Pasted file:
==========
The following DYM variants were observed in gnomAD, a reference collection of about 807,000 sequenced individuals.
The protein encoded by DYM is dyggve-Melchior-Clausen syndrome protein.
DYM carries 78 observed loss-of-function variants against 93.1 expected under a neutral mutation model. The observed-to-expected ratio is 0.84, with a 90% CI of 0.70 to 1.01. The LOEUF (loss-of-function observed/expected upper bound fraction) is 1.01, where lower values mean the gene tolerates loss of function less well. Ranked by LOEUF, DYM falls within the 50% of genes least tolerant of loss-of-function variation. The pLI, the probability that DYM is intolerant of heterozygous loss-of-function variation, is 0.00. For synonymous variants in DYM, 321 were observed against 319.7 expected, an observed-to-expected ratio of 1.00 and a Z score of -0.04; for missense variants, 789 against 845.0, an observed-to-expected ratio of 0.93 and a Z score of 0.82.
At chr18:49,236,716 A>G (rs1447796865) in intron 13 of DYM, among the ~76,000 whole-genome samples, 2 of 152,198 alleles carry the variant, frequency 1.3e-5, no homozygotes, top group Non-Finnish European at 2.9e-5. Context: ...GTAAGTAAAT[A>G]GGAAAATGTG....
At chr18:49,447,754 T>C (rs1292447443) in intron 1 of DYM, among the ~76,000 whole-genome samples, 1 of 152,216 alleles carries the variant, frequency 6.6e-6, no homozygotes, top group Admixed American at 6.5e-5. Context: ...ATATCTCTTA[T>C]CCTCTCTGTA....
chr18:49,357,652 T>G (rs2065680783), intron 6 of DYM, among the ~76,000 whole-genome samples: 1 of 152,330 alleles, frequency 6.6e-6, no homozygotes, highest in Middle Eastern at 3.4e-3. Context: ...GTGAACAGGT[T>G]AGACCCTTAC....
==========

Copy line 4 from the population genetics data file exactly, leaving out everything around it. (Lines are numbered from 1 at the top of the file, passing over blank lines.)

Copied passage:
At chr18:49,236,716 A>G (rs1447796865) in intron 13 of DYM, among the ~76,000 whole-genome samples, 2 of 152,198 alleles carry the variant, frequency 1.3e-5, no homozygotes, top group Non-Finnish European at 2.9e-5. Context: ...GTAAGTAAAT[A>G]GGAAAATGTG....